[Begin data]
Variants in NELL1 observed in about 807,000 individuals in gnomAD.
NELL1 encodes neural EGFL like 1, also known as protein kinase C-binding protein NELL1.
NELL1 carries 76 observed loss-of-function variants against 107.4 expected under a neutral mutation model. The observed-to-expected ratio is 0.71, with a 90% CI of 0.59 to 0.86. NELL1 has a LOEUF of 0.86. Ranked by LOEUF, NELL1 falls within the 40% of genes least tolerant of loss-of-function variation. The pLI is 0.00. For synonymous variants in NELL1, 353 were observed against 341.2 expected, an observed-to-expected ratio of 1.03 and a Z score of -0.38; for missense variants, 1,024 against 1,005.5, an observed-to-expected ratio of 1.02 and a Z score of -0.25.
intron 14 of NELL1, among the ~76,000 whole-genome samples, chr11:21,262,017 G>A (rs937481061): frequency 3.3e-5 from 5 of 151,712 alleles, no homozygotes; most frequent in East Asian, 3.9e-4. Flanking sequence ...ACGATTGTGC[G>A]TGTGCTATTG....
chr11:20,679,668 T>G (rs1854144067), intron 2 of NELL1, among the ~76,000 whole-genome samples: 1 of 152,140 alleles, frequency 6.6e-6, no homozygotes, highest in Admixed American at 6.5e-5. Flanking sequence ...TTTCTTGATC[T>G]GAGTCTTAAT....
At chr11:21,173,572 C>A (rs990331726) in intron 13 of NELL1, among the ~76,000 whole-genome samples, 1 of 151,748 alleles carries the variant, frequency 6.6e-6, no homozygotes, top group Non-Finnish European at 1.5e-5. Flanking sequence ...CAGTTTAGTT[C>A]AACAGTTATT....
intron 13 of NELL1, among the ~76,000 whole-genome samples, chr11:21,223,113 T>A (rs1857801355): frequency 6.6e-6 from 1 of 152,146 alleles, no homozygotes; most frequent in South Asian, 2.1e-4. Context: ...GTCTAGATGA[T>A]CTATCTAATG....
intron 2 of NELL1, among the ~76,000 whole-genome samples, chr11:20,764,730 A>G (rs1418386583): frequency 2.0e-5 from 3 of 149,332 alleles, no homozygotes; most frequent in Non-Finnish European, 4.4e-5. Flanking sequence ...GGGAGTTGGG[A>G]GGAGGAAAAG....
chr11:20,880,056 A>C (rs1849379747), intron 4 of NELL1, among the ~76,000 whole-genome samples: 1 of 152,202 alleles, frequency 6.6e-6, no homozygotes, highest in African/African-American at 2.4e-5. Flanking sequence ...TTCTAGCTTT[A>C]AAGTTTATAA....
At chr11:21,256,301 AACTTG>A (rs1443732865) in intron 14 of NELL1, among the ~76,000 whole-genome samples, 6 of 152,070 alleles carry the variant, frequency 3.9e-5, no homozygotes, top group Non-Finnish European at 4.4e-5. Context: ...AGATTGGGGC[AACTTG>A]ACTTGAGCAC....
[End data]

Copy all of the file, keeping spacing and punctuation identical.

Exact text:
Variants in NELL1 observed in about 807,000 individuals in gnomAD.
NELL1 encodes neural EGFL like 1, also known as protein kinase C-binding protein NELL1.
NELL1 carries 76 observed loss-of-function variants against 107.4 expected under a neutral mutation model. The observed-to-expected ratio is 0.71, with a 90% CI of 0.59 to 0.86. NELL1 has a LOEUF of 0.86. Ranked by LOEUF, NELL1 falls within the 40% of genes least tolerant of loss-of-function variation. The pLI is 0.00. For synonymous variants in NELL1, 353 were observed against 341.2 expected, an observed-to-expected ratio of 1.03 and a Z score of -0.38; for missense variants, 1,024 against 1,005.5, an observed-to-expected ratio of 1.02 and a Z score of -0.25.
intron 14 of NELL1, among the ~76,000 whole-genome samples, chr11:21,262,017 G>A (rs937481061): frequency 3.3e-5 from 5 of 151,712 alleles, no homozygotes; most frequent in East Asian, 3.9e-4. Flanking sequence ...ACGATTGTGC[G>A]TGTGCTATTG....
chr11:20,679,668 T>G (rs1854144067), intron 2 of NELL1, among the ~76,000 whole-genome samples: 1 of 152,140 alleles, frequency 6.6e-6, no homozygotes, highest in Admixed American at 6.5e-5. Flanking sequence ...TTTCTTGATC[T>G]GAGTCTTAAT....
At chr11:21,173,572 C>A (rs990331726) in intron 13 of NELL1, among the ~76,000 whole-genome samples, 1 of 151,748 alleles carries the variant, frequency 6.6e-6, no homozygotes, top group Non-Finnish European at 1.5e-5. Flanking sequence ...CAGTTTAGTT[C>A]AACAGTTATT....
intron 13 of NELL1, among the ~76,000 whole-genome samples, chr11:21,223,113 T>A (rs1857801355): frequency 6.6e-6 from 1 of 152,146 alleles, no homozygotes; most frequent in South Asian, 2.1e-4. Context: ...GTCTAGATGA[T>A]CTATCTAATG....
intron 2 of NELL1, among the ~76,000 whole-genome samples, chr11:20,764,730 A>G (rs1418386583): frequency 2.0e-5 from 3 of 149,332 alleles, no homozygotes; most frequent in Non-Finnish European, 4.4e-5. Flanking sequence ...GGGAGTTGGG[A>G]GGAGGAAAAG....
chr11:20,880,056 A>C (rs1849379747), intron 4 of NELL1, among the ~76,000 whole-genome samples: 1 of 152,202 alleles, frequency 6.6e-6, no homozygotes, highest in African/African-American at 2.4e-5. Flanking sequence ...TTCTAGCTTT[A>C]AAGTTTATAA....
At chr11:21,256,301 AACTTG>A (rs1443732865) in intron 14 of NELL1, among the ~76,000 whole-genome samples, 6 of 152,070 alleles carry the variant, frequency 3.9e-5, no homozygotes, top group Non-Finnish European at 4.4e-5. Context: ...AGATTGGGGC[AACTTG>A]ACTTGAGCAC....